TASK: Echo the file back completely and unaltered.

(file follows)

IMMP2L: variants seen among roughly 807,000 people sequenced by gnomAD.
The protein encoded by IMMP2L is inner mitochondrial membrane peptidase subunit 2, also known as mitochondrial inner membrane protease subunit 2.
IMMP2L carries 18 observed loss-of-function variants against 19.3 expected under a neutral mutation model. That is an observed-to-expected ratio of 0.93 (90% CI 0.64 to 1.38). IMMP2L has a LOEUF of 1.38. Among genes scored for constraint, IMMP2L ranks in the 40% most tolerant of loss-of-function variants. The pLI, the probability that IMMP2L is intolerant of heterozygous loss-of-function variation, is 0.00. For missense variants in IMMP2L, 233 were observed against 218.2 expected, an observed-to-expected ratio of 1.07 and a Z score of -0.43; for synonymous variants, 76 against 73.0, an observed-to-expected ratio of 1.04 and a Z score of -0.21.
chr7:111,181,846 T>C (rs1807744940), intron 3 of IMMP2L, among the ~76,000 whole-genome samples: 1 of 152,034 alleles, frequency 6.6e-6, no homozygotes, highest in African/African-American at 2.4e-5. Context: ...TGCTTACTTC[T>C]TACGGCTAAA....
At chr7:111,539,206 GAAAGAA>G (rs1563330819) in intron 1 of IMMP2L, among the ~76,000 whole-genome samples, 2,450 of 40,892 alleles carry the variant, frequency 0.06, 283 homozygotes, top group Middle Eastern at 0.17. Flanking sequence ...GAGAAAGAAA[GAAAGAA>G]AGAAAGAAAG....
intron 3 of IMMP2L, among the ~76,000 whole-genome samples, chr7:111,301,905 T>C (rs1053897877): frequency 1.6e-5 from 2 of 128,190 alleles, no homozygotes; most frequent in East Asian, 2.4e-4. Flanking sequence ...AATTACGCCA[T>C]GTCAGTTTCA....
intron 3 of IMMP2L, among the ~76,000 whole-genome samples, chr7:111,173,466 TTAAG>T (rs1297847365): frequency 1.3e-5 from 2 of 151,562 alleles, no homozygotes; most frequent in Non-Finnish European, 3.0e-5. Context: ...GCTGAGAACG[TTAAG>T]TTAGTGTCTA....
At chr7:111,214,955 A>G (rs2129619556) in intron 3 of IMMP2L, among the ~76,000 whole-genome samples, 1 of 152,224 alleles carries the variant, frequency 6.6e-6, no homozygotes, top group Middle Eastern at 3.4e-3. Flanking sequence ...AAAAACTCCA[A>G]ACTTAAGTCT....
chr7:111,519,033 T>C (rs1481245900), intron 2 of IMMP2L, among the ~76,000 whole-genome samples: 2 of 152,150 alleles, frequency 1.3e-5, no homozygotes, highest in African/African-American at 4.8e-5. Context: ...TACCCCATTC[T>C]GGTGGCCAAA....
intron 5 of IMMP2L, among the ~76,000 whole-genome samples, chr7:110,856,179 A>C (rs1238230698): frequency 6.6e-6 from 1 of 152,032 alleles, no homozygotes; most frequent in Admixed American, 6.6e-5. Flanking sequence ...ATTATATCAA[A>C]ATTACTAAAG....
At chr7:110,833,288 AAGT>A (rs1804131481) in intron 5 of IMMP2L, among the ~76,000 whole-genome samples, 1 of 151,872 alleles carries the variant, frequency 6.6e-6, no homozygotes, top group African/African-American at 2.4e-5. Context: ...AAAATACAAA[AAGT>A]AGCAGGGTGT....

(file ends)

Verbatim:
IMMP2L: variants seen among roughly 807,000 people sequenced by gnomAD.
The protein encoded by IMMP2L is inner mitochondrial membrane peptidase subunit 2, also known as mitochondrial inner membrane protease subunit 2.
IMMP2L carries 18 observed loss-of-function variants against 19.3 expected under a neutral mutation model. That is an observed-to-expected ratio of 0.93 (90% CI 0.64 to 1.38). IMMP2L has a LOEUF of 1.38. Among genes scored for constraint, IMMP2L ranks in the 40% most tolerant of loss-of-function variants. The pLI, the probability that IMMP2L is intolerant of heterozygous loss-of-function variation, is 0.00. For missense variants in IMMP2L, 233 were observed against 218.2 expected, an observed-to-expected ratio of 1.07 and a Z score of -0.43; for synonymous variants, 76 against 73.0, an observed-to-expected ratio of 1.04 and a Z score of -0.21.
chr7:111,181,846 T>C (rs1807744940), intron 3 of IMMP2L, among the ~76,000 whole-genome samples: 1 of 152,034 alleles, frequency 6.6e-6, no homozygotes, highest in African/African-American at 2.4e-5. Context: ...TGCTTACTTC[T>C]TACGGCTAAA....
At chr7:111,539,206 GAAAGAA>G (rs1563330819) in intron 1 of IMMP2L, among the ~76,000 whole-genome samples, 2,450 of 40,892 alleles carry the variant, frequency 0.06, 283 homozygotes, top group Middle Eastern at 0.17. Flanking sequence ...GAGAAAGAAA[GAAAGAA>G]AGAAAGAAAG....
intron 3 of IMMP2L, among the ~76,000 whole-genome samples, chr7:111,301,905 T>C (rs1053897877): frequency 1.6e-5 from 2 of 128,190 alleles, no homozygotes; most frequent in East Asian, 2.4e-4. Flanking sequence ...AATTACGCCA[T>C]GTCAGTTTCA....
intron 3 of IMMP2L, among the ~76,000 whole-genome samples, chr7:111,173,466 TTAAG>T (rs1297847365): frequency 1.3e-5 from 2 of 151,562 alleles, no homozygotes; most frequent in Non-Finnish European, 3.0e-5. Context: ...GCTGAGAACG[TTAAG>T]TTAGTGTCTA....
At chr7:111,214,955 A>G (rs2129619556) in intron 3 of IMMP2L, among the ~76,000 whole-genome samples, 1 of 152,224 alleles carries the variant, frequency 6.6e-6, no homozygotes, top group Middle Eastern at 3.4e-3. Flanking sequence ...AAAAACTCCA[A>G]ACTTAAGTCT....
chr7:111,519,033 T>C (rs1481245900), intron 2 of IMMP2L, among the ~76,000 whole-genome samples: 2 of 152,150 alleles, frequency 1.3e-5, no homozygotes, highest in African/African-American at 4.8e-5. Context: ...TACCCCATTC[T>C]GGTGGCCAAA....
intron 5 of IMMP2L, among the ~76,000 whole-genome samples, chr7:110,856,179 A>C (rs1238230698): frequency 6.6e-6 from 1 of 152,032 alleles, no homozygotes; most frequent in Admixed American, 6.6e-5. Flanking sequence ...ATTATATCAA[A>C]ATTACTAAAG....
At chr7:110,833,288 AAGT>A (rs1804131481) in intron 5 of IMMP2L, among the ~76,000 whole-genome samples, 1 of 151,872 alleles carries the variant, frequency 6.6e-6, no homozygotes, top group African/African-American at 2.4e-5. Context: ...AAAATACAAA[AAGT>A]AGCAGGGTGT....